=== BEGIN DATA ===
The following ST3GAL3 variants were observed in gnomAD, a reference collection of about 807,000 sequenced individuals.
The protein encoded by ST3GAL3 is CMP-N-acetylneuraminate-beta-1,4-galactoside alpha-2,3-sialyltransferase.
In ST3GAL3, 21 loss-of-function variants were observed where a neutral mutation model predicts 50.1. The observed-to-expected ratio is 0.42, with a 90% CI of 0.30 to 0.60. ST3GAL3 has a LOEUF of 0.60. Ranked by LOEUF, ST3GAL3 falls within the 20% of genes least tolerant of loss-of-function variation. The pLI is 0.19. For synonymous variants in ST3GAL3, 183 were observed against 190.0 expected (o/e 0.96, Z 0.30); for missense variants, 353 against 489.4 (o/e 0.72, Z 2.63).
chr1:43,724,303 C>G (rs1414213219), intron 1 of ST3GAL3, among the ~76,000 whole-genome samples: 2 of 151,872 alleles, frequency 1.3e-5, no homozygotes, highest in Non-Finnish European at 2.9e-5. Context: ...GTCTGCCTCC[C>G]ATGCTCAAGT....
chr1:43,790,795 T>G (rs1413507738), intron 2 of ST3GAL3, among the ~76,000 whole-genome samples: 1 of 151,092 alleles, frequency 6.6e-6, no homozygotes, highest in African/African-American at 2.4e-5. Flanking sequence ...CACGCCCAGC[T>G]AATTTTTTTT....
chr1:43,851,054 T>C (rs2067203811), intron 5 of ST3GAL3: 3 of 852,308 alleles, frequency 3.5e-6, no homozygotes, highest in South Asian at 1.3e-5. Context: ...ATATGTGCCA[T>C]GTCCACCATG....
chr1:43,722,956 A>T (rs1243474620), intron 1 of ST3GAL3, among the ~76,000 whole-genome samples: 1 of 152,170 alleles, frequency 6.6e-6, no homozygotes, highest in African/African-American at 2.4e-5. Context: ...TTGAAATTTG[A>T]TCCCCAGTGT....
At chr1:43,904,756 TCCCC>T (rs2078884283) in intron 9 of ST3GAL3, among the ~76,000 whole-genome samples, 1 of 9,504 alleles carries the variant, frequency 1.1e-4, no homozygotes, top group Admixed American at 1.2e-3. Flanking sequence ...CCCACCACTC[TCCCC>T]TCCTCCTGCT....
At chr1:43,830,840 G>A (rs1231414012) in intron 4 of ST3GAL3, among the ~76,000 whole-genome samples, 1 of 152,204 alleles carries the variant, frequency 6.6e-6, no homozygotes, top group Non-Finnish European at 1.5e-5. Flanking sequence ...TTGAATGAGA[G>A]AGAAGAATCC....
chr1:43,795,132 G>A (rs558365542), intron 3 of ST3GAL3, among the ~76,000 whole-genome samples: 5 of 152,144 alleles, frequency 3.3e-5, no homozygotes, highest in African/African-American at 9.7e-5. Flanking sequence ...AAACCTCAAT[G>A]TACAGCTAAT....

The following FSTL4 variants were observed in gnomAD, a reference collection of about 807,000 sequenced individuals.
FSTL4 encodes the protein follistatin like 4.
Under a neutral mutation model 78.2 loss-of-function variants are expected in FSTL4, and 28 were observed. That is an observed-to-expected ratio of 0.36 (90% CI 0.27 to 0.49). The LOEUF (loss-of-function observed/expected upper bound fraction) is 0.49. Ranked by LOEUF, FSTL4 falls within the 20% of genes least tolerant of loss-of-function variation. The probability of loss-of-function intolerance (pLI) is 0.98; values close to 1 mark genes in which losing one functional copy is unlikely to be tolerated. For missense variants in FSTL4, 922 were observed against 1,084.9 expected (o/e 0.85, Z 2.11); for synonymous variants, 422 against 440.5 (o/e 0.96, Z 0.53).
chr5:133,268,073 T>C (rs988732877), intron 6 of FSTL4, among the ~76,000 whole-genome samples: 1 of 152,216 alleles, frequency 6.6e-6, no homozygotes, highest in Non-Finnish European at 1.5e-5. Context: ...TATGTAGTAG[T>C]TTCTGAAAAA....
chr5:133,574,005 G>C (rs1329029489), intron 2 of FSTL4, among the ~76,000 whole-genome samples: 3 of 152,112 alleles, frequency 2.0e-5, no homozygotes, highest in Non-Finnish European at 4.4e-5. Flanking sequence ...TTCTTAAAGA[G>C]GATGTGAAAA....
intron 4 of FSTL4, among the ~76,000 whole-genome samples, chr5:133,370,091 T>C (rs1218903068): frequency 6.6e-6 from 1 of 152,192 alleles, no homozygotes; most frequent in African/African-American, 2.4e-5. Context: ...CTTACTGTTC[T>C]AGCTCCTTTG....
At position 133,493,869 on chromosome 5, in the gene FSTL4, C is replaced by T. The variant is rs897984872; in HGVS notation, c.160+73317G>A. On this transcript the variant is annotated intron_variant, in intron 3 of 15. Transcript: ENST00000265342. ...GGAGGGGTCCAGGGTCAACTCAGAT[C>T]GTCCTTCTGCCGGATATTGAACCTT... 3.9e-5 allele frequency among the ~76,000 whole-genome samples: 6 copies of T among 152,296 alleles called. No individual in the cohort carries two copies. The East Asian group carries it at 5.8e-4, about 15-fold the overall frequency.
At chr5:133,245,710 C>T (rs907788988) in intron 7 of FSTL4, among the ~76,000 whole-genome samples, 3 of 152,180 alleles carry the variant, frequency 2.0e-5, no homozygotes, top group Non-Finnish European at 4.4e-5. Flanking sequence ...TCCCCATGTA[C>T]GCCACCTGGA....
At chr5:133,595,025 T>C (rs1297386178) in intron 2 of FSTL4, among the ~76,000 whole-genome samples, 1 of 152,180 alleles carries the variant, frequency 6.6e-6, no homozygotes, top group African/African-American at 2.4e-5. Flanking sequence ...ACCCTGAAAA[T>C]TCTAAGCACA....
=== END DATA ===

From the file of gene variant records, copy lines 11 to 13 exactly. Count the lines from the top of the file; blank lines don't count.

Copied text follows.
The following FSTL4 variants were observed in gnomAD, a reference collection of about 807,000 sequenced individuals.
FSTL4 encodes the protein follistatin like 4.
Under a neutral mutation model 78.2 loss-of-function variants are expected in FSTL4, and 28 were observed. That is an observed-to-expected ratio of 0.36 (90% CI 0.27 to 0.49). The LOEUF (loss-of-function observed/expected upper bound fraction) is 0.49. Ranked by LOEUF, FSTL4 falls within the 20% of genes least tolerant of loss-of-function variation. The probability of loss-of-function intolerance (pLI) is 0.98; values close to 1 mark genes in which losing one functional copy is unlikely to be tolerated. For missense variants in FSTL4, 922 were observed against 1,084.9 expected (o/e 0.85, Z 2.11); for synonymous variants, 422 against 440.5 (o/e 0.96, Z 0.53).